Commit b706bb35 authored by John Hayes's avatar John Hayes
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Delete Petitioner attorney

parent 7eba8d9f
Petitioner attorney sought review of respondent state bar's recommendation of disbarment after a finding that the attorney had willfully and fraudulently misappropriated the funds of his clients and <a href="https://california-business-lawyer-corporate-lawyer.com/caci-california-civil-jury-instructions/california-jury-instruction-caci-3940-punitive-damages-individual-defendant-trial-not-bifurcated/">caci instructions</a>
After finding that the attorney's clients had suffered great monetary losses resulting from his fraudulent representations and that the attorney had misappropriated his clients' fund, the disciplinary committee of the state bar recommended disbarment. Upon review of that recommendation, the court ordered that the attorney be disbarred from the practice of law, holding that the proceedings should not have been returned to the state bar for hearings on the issue of the attorney's mental competence at the time of the original hearings. The attorney failed to present evidence that he had been incapable, because of mental illness, of understanding the nature of those proceedings or of participating in his defense. The court found that the evidence sustained the finding of culpability on the part of the attorney and that the conclusion that the attorney had violated his oath and duties as an attorney was warranted. The sanction of disbarment was appropriate under the circumstances because the attorney had failed over a long time to meet the standards required of his profession and had on other occasions been disciplined for the mishandling of clients' funds.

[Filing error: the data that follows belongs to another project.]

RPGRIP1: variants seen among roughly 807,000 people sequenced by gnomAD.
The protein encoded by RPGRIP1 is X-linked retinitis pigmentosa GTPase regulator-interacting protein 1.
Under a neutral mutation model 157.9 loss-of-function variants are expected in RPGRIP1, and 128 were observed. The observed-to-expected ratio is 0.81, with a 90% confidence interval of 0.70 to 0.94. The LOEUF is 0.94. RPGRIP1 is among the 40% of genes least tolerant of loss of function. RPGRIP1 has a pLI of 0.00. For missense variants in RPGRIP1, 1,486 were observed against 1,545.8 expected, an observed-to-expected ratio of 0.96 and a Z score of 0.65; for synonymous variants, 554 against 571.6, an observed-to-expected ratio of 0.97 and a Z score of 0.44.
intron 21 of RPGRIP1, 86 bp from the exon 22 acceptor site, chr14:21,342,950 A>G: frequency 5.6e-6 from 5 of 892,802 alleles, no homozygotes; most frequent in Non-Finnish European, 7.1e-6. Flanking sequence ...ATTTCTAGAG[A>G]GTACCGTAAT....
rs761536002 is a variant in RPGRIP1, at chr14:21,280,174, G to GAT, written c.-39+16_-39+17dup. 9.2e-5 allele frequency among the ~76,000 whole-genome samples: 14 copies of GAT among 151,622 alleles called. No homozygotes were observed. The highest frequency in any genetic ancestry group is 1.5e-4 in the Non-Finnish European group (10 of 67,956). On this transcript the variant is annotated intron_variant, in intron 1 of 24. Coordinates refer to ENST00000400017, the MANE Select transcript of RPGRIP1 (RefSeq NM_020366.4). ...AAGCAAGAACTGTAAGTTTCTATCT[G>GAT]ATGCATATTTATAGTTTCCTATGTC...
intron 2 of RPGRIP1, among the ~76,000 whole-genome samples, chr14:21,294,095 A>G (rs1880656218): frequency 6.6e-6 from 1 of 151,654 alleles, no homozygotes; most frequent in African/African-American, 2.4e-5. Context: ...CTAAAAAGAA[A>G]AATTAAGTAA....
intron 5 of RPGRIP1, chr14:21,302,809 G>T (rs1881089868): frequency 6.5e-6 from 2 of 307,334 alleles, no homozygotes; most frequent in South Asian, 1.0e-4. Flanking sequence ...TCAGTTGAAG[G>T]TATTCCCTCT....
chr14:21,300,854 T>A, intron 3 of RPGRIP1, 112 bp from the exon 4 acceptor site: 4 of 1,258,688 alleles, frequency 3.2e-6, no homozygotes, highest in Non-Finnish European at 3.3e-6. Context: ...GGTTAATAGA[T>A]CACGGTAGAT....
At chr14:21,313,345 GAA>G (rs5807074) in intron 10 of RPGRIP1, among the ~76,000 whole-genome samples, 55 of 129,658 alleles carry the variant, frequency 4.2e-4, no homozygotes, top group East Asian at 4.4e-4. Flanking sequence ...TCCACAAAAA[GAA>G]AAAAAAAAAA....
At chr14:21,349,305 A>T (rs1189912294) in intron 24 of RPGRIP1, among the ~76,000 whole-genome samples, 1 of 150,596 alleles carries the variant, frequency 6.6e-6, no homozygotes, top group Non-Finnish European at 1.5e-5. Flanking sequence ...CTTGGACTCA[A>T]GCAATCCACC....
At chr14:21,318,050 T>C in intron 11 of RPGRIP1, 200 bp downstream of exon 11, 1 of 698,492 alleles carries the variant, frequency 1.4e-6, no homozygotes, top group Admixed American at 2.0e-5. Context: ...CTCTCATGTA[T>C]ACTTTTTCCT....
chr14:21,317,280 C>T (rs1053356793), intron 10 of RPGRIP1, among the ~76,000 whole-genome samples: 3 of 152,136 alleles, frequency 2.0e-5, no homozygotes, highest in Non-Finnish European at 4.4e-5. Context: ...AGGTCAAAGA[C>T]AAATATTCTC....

The court ordered that the attorney be disbarred from the practice of law.
Defendant appealed his conviction in the Superior Court of Siskiyou County (California) on two counts of manslaughter by vehicle, under Cal. Penal Code § 192, subd. 3(a).
Defendant was charged with vehicular manslaughter for killing two people in a collision. Upon his conviction, defendant appealed, and contended that the evidence was insufficient to sustain the convictions. On appeal, the court affirmed the convictions. The court noted that the proper standard in insufficiency appeals was not whether proof beyond reasonable doubt was established, but whether there was substantial evidence, direct or circumstantial, to sustain the verdict. The court held that the death certificate, which established the date and time of death, coupled with the testimony of two witnesses, was substantial enough evidence to support the convictions. The court noted that one witness saw the collision, and the other witness was a police officer, to whom defendant identified himself as the driver of the vehicle which collided with the victims. The oral testimony as to cause of death suggested that the victims were involved in the accident. From the offered proof, the court held that it was reasonable to conclude that the victims died in the accident caused by defendant.
The court affirmed the convictions of defendant for vehicular manslaughter.
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